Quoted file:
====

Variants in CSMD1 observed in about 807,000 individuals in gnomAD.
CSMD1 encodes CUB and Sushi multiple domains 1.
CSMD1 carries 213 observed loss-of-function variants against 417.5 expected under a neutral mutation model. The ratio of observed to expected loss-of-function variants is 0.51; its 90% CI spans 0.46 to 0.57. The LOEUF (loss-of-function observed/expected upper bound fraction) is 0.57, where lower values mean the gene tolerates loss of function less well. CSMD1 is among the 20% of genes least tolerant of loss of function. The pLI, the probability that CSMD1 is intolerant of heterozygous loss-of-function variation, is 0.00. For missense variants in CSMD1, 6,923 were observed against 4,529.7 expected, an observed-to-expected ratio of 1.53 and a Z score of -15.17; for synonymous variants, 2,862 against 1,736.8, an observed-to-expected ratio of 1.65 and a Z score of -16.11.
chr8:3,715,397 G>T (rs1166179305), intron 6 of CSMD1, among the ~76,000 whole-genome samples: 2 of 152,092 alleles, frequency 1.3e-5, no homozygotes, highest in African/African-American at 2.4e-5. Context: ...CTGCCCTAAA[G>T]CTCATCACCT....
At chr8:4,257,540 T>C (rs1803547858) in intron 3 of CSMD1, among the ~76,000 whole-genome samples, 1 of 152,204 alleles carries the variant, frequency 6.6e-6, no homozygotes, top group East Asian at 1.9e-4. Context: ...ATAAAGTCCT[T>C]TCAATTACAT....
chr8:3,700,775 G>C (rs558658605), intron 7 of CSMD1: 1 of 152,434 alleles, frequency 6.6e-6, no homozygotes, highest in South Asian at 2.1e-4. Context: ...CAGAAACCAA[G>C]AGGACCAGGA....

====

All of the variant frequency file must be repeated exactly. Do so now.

Variants in CSMD1 observed in about 807,000 individuals in gnomAD.
CSMD1 encodes CUB and Sushi multiple domains 1.
CSMD1 carries 213 observed loss-of-function variants against 417.5 expected under a neutral mutation model. The ratio of observed to expected loss-of-function variants is 0.51; its 90% CI spans 0.46 to 0.57. The LOEUF (loss-of-function observed/expected upper bound fraction) is 0.57, where lower values mean the gene tolerates loss of function less well. CSMD1 is among the 20% of genes least tolerant of loss of function. The pLI, the probability that CSMD1 is intolerant of heterozygous loss-of-function variation, is 0.00. For missense variants in CSMD1, 6,923 were observed against 4,529.7 expected, an observed-to-expected ratio of 1.53 and a Z score of -15.17; for synonymous variants, 2,862 against 1,736.8, an observed-to-expected ratio of 1.65 and a Z score of -16.11.
chr8:3,715,397 G>T (rs1166179305), intron 6 of CSMD1, among the ~76,000 whole-genome samples: 2 of 152,092 alleles, frequency 1.3e-5, no homozygotes, highest in African/African-American at 2.4e-5. Context: ...CTGCCCTAAA[G>T]CTCATCACCT....
At chr8:4,257,540 T>C (rs1803547858) in intron 3 of CSMD1, among the ~76,000 whole-genome samples, 1 of 152,204 alleles carries the variant, frequency 6.6e-6, no homozygotes, top group East Asian at 1.9e-4. Context: ...ATAAAGTCCT[T>C]TCAATTACAT....
chr8:3,700,775 G>C (rs558658605), intron 7 of CSMD1: 1 of 152,434 alleles, frequency 6.6e-6, no homozygotes, highest in South Asian at 2.1e-4. Context: ...CAGAAACCAA[G>C]AGGACCAGGA....